AIHTA - Publications - Search - Screening for Colorectal Cancer. Part 1: Screening Tests and Program Design (3. updated edition)

Patera, N. and Schumacher, I. (2012): Screening for Colorectal Cancer. Part 1: Screening Tests and Program Design (3. updated edition). HTA-Projektbericht 41a.

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Central role of colonoscopy in screening for colorectal cancer:
Colonoscopy is – irrespective of first line screening test – the final common pathway of all screening for colorectal cancer (CRC), and is used for biopsy and polyp removal. For a screening-test in the (healthy) general population colonoscopy is invasive and prone to (unlikely) serious complications. Screening-yield and rates of complications are strongly dependent on the individual operator and on quality assurance. As a result, training and continued education of endoscopists as well as monitoring of both detection and complication rates are key to high screening-quality.

Effectiveness of screening for CRC:
No data is currently available on the impact of CRC-screening on all-cause mortality. Four randomized controlled trials on screening for fecal occult blood as a first-line test (gFOBT) showed a relative risk reduction of 15% for disease-specific CRC-mortality. Absolute risk reduction was between 0.12-0.29%. Two large non-population based randomized controlled trial on once-only flexible sigmoidoscopy as a first-line screening-test showed a relative risk reduction of 31% and 22% (statistically not significant) for disease-specific CRC-mortality and a reduction of CRC incidence of 23% and 18%. Results from a large non-population based two round flexible sigmoidoscopy screening study showed a relative risk reduction of 26% of disease-specific CRC-mortality and a reduction of CRC incidence of 21%. Absolute risk reduction of CRC-mortality through flexible sigmoidoscopy was between 0.11-0.15%. Results from a population based randomized trials on flexible sigmoidoscopy are expected in 2013. To date there is no evidence from randomized controlled trials on CRC-screening using colonoscopy as a first-line screening test. Two randomized studies on screening with either colonoscopy or iFOBT as a first-line test will yield results starting ten years from now. There is only limited evidence on test characteristics (sensitivity, specificity, complication rates) in real life screening-settings. The ideal test strategy in CRC-screening is uncertain, the evidence base evolving.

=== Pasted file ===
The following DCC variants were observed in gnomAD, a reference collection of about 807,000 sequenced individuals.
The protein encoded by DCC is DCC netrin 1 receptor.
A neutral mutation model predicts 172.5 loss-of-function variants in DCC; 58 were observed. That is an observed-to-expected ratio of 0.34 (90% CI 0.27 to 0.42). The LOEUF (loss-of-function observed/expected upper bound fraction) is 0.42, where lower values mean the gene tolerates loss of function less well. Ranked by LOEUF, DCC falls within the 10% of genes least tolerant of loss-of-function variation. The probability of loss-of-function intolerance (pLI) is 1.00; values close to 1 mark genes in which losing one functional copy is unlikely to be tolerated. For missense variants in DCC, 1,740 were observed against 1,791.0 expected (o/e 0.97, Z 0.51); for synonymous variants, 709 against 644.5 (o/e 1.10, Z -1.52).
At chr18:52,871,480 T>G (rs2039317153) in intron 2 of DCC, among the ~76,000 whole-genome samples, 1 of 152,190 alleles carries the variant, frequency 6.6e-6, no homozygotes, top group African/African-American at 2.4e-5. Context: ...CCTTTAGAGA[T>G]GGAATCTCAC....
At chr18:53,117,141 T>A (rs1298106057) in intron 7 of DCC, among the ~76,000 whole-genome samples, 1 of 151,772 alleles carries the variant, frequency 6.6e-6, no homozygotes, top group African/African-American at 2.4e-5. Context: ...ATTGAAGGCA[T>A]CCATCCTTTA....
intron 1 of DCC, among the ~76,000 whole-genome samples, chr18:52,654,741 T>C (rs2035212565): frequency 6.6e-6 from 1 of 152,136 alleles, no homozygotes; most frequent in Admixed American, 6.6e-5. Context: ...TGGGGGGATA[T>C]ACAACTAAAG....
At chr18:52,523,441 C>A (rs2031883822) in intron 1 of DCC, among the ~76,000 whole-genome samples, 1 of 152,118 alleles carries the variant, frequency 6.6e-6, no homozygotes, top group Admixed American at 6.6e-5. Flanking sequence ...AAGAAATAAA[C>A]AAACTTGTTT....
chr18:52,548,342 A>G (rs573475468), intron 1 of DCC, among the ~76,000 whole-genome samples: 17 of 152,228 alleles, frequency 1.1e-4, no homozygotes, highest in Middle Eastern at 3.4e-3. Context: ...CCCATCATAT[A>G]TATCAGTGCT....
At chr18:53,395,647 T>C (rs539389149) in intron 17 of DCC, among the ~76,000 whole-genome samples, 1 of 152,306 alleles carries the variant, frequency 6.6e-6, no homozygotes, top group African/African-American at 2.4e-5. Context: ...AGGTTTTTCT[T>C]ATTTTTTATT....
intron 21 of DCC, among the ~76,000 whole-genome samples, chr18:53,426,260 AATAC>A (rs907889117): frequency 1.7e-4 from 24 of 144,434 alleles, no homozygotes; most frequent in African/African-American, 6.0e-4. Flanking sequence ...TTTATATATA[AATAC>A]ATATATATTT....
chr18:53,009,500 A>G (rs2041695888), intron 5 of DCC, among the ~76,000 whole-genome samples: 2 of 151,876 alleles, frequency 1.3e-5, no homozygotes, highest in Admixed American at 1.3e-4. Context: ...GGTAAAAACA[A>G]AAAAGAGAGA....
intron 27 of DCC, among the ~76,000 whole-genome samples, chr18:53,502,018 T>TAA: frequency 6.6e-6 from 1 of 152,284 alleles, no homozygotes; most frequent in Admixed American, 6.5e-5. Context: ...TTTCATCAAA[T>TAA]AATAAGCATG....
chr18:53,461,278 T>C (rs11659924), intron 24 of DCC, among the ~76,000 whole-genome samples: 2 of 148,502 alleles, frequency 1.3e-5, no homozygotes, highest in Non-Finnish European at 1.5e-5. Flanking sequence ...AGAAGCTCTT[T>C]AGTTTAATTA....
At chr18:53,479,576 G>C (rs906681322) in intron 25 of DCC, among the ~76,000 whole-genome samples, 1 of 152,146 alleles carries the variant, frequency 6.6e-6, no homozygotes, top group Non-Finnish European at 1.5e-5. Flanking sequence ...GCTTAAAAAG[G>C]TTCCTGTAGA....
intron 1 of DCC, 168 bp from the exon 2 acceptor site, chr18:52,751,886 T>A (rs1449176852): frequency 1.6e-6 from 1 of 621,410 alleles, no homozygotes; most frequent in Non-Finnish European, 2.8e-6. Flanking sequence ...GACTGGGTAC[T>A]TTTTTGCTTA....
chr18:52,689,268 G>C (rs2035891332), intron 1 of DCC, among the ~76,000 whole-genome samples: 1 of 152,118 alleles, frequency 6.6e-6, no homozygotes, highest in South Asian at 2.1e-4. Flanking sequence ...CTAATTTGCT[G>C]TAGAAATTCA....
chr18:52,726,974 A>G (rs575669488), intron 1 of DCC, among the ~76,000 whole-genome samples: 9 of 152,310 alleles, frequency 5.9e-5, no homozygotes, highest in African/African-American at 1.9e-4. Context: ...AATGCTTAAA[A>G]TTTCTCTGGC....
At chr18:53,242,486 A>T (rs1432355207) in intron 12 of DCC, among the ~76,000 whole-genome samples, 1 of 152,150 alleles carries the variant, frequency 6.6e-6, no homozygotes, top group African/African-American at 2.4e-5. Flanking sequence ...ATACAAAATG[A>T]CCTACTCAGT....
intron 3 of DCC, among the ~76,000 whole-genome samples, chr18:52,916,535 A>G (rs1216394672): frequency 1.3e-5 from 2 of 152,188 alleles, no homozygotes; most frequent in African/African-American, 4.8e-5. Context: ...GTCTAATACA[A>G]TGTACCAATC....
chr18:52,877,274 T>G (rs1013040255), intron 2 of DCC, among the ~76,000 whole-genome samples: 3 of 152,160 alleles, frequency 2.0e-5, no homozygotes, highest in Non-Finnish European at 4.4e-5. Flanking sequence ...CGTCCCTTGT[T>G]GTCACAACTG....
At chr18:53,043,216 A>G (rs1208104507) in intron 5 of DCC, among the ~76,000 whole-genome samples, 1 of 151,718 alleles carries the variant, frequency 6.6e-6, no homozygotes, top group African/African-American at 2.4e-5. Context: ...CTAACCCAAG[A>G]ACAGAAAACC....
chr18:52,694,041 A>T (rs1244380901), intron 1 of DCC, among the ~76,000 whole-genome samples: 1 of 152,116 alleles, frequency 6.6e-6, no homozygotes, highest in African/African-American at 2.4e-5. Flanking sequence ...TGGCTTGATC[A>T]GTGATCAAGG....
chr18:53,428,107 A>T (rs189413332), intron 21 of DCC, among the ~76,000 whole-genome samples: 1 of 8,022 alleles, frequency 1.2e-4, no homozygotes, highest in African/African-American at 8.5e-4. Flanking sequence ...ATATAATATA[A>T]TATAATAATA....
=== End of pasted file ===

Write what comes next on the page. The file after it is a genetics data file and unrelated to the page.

Choice of first-line screening-test:
When considering first-line screening-tests on which to base an organized program, program sensitivity per invitee through the test's impact on participation in screening (and re-screening) is more important than single test-sensitivity per screened participant. Complications rates are to be taken into account. Program-sensitivity largely depends on participation rates. Recent developments in first-line screening tests include quantitative iFOBTs. CT-colonoscopy, capsule endoscopy and new molecular tests are not yet viable alternatives for use in population-based mass-screening.

Improving screening-effectiveness:
An upper age-limit for CRC-screening is recommended. An integrated screening-program combines screening with screening-relevant considerations in diagnosis, treatment and surveillance. Along with standardized documentation and regular evaluation an integrated program-design provides the quality necessary to consider screening average risk-populations. Giving thorough attention to the design of the surveillance regime is important, because its thresholds determine the numbers of surveillance-colonoscopies resulting from CRC-screening. Incremental implementation of a national population-based screening-program, with targeted research studies, pilot testing and incremental roll-out, like in the Netherlands, should be considered.

Securing comprehensive program-financing:
Population-based screening-programs require significant initial investment in overhead and sustainable financing of ongoing documentation, quality assurance and evaluation. Also, ongoing financing of both program- and provider-independent information dissemination to potential screening-participants enabling informed consent if or if not to participate in screening, and funds for regular program evaluation through an external institution need to be secured.

Item Type:Project Report
Keywords:Bowel Cancer, Colon Cancer, Colorectal Cancer, colonoscopy, early detection of cancer, screening, screening tests
Subjects:WB Practice of medicine > WB 141-293 Diagnosis
WA Public health > WA 108-245 Preventive medicine
W Health professions > W 84 Health services. Quality of health care
WI Digestive system > WI 400-560 Intestines
QZ Pathology > QZ 200-380 Neoplasms.Cysts
Series Name:HTA-Projektbericht 41a
Deposited on:30 Oct 2012 16:09
Last Modified:15 Jul 2020 17:49

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